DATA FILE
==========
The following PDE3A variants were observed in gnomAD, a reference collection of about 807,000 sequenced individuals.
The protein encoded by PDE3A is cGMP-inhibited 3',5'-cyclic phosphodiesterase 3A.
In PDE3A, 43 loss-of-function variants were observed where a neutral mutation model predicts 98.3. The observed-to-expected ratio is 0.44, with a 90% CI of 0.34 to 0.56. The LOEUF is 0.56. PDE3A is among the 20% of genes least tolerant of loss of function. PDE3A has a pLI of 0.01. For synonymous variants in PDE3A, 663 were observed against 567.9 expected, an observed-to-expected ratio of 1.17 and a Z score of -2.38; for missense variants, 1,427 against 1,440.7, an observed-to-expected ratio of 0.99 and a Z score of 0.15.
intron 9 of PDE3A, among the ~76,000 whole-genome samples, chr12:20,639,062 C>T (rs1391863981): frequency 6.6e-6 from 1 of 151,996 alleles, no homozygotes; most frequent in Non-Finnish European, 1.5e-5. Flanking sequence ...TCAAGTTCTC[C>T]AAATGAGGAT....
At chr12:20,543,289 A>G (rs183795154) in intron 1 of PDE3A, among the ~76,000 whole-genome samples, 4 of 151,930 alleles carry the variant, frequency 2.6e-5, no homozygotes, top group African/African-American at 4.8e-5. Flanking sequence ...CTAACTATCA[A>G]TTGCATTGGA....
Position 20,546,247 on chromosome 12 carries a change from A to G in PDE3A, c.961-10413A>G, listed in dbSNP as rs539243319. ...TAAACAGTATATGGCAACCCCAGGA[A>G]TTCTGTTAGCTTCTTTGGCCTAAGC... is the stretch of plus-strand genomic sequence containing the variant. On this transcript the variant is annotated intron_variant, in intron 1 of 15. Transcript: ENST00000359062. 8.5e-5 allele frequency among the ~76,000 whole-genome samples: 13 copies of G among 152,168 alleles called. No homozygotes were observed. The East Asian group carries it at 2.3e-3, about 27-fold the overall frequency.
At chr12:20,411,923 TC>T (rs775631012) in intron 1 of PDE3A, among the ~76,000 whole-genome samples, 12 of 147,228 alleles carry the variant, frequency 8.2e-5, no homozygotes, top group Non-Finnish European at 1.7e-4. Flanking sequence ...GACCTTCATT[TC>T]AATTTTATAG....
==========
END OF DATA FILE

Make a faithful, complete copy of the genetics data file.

The following PDE3A variants were observed in gnomAD, a reference collection of about 807,000 sequenced individuals.
The protein encoded by PDE3A is cGMP-inhibited 3',5'-cyclic phosphodiesterase 3A.
In PDE3A, 43 loss-of-function variants were observed where a neutral mutation model predicts 98.3. The observed-to-expected ratio is 0.44, with a 90% CI of 0.34 to 0.56. The LOEUF is 0.56. PDE3A is among the 20% of genes least tolerant of loss of function. PDE3A has a pLI of 0.01. For synonymous variants in PDE3A, 663 were observed against 567.9 expected, an observed-to-expected ratio of 1.17 and a Z score of -2.38; for missense variants, 1,427 against 1,440.7, an observed-to-expected ratio of 0.99 and a Z score of 0.15.
intron 9 of PDE3A, among the ~76,000 whole-genome samples, chr12:20,639,062 C>T (rs1391863981): frequency 6.6e-6 from 1 of 151,996 alleles, no homozygotes; most frequent in Non-Finnish European, 1.5e-5. Flanking sequence ...TCAAGTTCTC[C>T]AAATGAGGAT....
At chr12:20,543,289 A>G (rs183795154) in intron 1 of PDE3A, among the ~76,000 whole-genome samples, 4 of 151,930 alleles carry the variant, frequency 2.6e-5, no homozygotes, top group African/African-American at 4.8e-5. Flanking sequence ...CTAACTATCA[A>G]TTGCATTGGA....
Position 20,546,247 on chromosome 12 carries a change from A to G in PDE3A, c.961-10413A>G, listed in dbSNP as rs539243319. ...TAAACAGTATATGGCAACCCCAGGA[A>G]TTCTGTTAGCTTCTTTGGCCTAAGC... is the stretch of plus-strand genomic sequence containing the variant. On this transcript the variant is annotated intron_variant, in intron 1 of 15. Transcript: ENST00000359062. 8.5e-5 allele frequency among the ~76,000 whole-genome samples: 13 copies of G among 152,168 alleles called. No homozygotes were observed. The East Asian group carries it at 2.3e-3, about 27-fold the overall frequency.
At chr12:20,411,923 TC>T (rs775631012) in intron 1 of PDE3A, among the ~76,000 whole-genome samples, 12 of 147,228 alleles carry the variant, frequency 8.2e-5, no homozygotes, top group Non-Finnish European at 1.7e-4. Flanking sequence ...GACCTTCATT[TC>T]AATTTTATAG....